The quantity of second-hand clothes (mitumba) imported between July and September last year declined by 71 per cent following, a government ban.
Data from the Kenya National Bureau of Statistics (KNBS) shows that 13,334 tonnes of second-hand clothes were imported into the country in the third quarter of last year compared to 45,659 tonnes in 2019.
This came at a time when Industry, Trade and Co-operatives Cabinet Secretary Betty Maina had restricted the importation of used clothes and shoes to curb the spread of Covid-19.
Many traders were affected by the restriction, with markets such as Gikomba and Toi in Nairobi taking a hit from the punitive measures.
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In value terms, traders spent Sh1.4 billion to import mitumba in the period under review, a drop from Sh4.5 billion in the third quarter of 2019.
President Uhuru Kenyatta lifted the ban on August 26, last year setting the stage for the resumption in this trade.
After lifting the ban, the State came up with new protocols for the importation of mitumba.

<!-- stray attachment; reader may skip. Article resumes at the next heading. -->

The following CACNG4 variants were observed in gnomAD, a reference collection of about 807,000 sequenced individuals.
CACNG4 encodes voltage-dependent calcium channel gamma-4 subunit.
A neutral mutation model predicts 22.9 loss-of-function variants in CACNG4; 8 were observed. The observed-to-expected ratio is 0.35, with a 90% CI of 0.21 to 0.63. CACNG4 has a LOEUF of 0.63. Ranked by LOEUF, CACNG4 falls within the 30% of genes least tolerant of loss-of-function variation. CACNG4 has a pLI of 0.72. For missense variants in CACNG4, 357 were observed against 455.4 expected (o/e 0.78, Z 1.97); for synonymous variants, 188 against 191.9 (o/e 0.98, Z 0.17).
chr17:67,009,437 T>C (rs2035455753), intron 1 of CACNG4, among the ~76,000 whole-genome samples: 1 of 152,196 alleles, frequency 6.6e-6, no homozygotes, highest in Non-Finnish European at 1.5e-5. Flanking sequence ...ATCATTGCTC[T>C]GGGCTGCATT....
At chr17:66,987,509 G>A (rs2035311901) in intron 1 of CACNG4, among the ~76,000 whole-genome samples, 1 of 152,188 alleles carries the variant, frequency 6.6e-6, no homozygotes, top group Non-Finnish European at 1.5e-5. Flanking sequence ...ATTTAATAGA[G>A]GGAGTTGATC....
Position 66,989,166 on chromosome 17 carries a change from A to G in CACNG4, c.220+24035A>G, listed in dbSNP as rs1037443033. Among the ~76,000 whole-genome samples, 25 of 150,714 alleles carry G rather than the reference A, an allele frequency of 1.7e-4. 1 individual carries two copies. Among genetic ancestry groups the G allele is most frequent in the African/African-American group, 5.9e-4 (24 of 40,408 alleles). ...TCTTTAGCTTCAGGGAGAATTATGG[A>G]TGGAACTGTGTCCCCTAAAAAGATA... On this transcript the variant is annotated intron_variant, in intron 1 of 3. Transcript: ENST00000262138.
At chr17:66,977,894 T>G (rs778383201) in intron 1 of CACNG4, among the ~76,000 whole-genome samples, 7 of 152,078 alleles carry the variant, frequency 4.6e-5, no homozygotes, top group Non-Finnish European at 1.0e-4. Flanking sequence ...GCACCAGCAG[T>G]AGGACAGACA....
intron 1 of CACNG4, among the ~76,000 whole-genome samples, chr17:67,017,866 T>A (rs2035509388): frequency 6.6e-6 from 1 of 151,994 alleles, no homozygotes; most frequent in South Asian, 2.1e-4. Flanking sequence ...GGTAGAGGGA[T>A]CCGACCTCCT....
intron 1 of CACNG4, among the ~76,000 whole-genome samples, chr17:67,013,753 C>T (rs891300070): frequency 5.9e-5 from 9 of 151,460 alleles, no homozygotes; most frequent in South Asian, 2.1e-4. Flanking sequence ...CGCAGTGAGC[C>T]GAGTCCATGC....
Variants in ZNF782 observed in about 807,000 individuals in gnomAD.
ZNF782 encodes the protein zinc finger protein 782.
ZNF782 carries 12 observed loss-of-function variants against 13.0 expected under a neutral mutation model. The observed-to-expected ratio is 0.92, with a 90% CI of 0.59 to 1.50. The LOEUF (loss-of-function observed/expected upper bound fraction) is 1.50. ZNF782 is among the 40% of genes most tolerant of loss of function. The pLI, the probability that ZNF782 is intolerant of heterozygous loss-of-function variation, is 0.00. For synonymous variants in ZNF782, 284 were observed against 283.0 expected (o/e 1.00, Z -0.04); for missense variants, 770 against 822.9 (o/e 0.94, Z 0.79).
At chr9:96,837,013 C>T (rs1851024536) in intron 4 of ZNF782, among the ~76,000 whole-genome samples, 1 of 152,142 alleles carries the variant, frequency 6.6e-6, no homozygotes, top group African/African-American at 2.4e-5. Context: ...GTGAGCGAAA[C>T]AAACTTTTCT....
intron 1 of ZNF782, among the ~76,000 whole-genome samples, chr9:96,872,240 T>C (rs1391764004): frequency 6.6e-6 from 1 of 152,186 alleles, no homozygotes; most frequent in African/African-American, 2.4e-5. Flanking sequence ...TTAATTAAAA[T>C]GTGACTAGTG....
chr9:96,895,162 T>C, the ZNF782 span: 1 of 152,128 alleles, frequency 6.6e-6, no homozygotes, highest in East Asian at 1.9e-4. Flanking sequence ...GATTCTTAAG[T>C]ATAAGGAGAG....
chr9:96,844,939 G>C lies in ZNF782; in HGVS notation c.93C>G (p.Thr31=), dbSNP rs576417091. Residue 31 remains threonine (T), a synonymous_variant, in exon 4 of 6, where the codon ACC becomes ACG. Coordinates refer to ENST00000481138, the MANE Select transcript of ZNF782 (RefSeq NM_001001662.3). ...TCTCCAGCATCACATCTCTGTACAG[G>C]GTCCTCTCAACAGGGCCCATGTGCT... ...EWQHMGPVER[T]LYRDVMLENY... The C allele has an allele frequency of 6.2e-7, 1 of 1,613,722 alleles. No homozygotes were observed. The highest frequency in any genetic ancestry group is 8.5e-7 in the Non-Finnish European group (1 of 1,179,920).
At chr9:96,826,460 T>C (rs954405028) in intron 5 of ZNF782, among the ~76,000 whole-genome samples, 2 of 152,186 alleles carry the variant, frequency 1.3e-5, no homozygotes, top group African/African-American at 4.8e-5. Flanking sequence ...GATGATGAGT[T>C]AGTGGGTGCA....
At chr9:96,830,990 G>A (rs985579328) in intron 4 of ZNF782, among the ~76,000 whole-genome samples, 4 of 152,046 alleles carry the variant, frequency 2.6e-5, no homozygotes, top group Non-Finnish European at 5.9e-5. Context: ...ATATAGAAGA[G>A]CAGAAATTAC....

“All used textiles and used shoes intended for importation into Kenya shall be subjected to physical examination and certification under the Pre–export Verification of Conformity to Standards (PVoC) requirements,” read part of the protocols by the Kenya Bureau of Standards (Kebs).
“They shall be accompanied by a fumigation or treatment certificate issued by a competent authority in the country of supply,”
While banning the importation of clothes and shoes last year, Kebs Managing Director Bernard Njiraini said the move conformed to the Kenyan standards that prohibit imports from a country experiencing an epidemic.
Second-hand clothes dealers then accused the State of killing the sector.
By end of 2018, most of the used clothes, 37 per cent, came from China followed by Canada (11 per cent), United Kingdom (9.05 per cent), and Pakistan (7.8 per cent).
The value of mitumba clothes brought into the country has doubled since 2014m when the imports were valued at Sh8.8 billion.
The surge over the four years points to the key role that these segment of the economy play in creating jobs as well as providing Kenyans with affordable clothing.
“The second-hand clothes market supports two million traders directly and three million other small businesses in related trades, not to mention most Kenyans who prefer the clothing due to prevailing economic conditions,” said the Mitumba Association of Kenya Chairperson Teresia Wairimu.
She said the clothes go through an inspection and fumigation at the source countries.